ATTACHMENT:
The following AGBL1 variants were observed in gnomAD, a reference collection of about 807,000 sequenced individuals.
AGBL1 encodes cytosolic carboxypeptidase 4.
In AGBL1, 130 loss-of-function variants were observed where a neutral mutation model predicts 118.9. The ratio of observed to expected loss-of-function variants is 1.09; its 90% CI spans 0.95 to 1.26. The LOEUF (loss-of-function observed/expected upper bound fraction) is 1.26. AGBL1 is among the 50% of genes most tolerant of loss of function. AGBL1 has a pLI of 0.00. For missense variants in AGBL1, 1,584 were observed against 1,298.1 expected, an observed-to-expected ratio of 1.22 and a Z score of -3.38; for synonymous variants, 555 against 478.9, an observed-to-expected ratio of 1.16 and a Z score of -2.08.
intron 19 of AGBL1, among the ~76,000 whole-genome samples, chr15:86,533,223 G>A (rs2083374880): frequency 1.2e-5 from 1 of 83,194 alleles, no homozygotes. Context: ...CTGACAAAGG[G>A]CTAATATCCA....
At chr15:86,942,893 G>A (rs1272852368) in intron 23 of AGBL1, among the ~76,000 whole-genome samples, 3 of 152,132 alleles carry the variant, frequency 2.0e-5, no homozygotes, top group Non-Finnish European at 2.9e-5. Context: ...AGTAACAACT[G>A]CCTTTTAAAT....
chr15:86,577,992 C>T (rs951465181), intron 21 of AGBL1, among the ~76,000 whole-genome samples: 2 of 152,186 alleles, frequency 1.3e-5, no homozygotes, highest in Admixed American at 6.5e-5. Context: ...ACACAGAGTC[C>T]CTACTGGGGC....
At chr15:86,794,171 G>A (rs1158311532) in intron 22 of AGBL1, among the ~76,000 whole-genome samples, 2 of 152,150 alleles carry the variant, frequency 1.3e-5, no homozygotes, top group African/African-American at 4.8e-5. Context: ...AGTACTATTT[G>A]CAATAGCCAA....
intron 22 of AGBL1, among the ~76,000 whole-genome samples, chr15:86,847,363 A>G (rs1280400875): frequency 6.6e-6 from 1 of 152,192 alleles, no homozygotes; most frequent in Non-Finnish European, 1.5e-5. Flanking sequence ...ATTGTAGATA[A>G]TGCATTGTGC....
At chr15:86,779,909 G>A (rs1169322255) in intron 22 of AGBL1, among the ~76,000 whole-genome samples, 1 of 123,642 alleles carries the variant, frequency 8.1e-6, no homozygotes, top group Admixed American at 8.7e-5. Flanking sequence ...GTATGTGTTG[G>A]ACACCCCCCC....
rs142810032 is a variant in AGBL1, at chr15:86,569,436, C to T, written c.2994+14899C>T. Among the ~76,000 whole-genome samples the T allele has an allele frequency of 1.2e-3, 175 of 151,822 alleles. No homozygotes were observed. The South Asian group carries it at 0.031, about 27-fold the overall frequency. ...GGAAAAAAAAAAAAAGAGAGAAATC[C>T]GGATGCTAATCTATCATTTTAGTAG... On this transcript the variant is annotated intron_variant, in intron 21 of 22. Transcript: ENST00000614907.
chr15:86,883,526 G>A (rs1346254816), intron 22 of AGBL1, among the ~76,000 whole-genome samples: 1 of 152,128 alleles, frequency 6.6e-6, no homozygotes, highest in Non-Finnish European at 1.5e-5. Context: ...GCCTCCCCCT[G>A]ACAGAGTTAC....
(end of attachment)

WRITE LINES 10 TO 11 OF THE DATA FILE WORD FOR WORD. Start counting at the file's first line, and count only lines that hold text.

rs142810032 is a variant in AGBL1, at chr15:86,569,436, C to T, written c.2994+14899C>T. Among the ~76,000 whole-genome samples the T allele has an allele frequency of 1.2e-3, 175 of 151,822 alleles. No homozygotes were observed. The South Asian group carries it at 0.031, about 27-fold the overall frequency. ...GGAAAAAAAAAAAAAGAGAGAAATC[C>T]GGATGCTAATCTATCATTTTAGTAG... On this transcript the variant is annotated intron_variant, in intron 21 of 22. Transcript: ENST00000614907.
chr15:86,883,526 G>A (rs1346254816), intron 22 of AGBL1, among the ~76,000 whole-genome samples: 1 of 152,128 alleles, frequency 6.6e-6, no homozygotes, highest in Non-Finnish European at 1.5e-5. Context: ...GCCTCCCCCT[G>A]ACAGAGTTAC....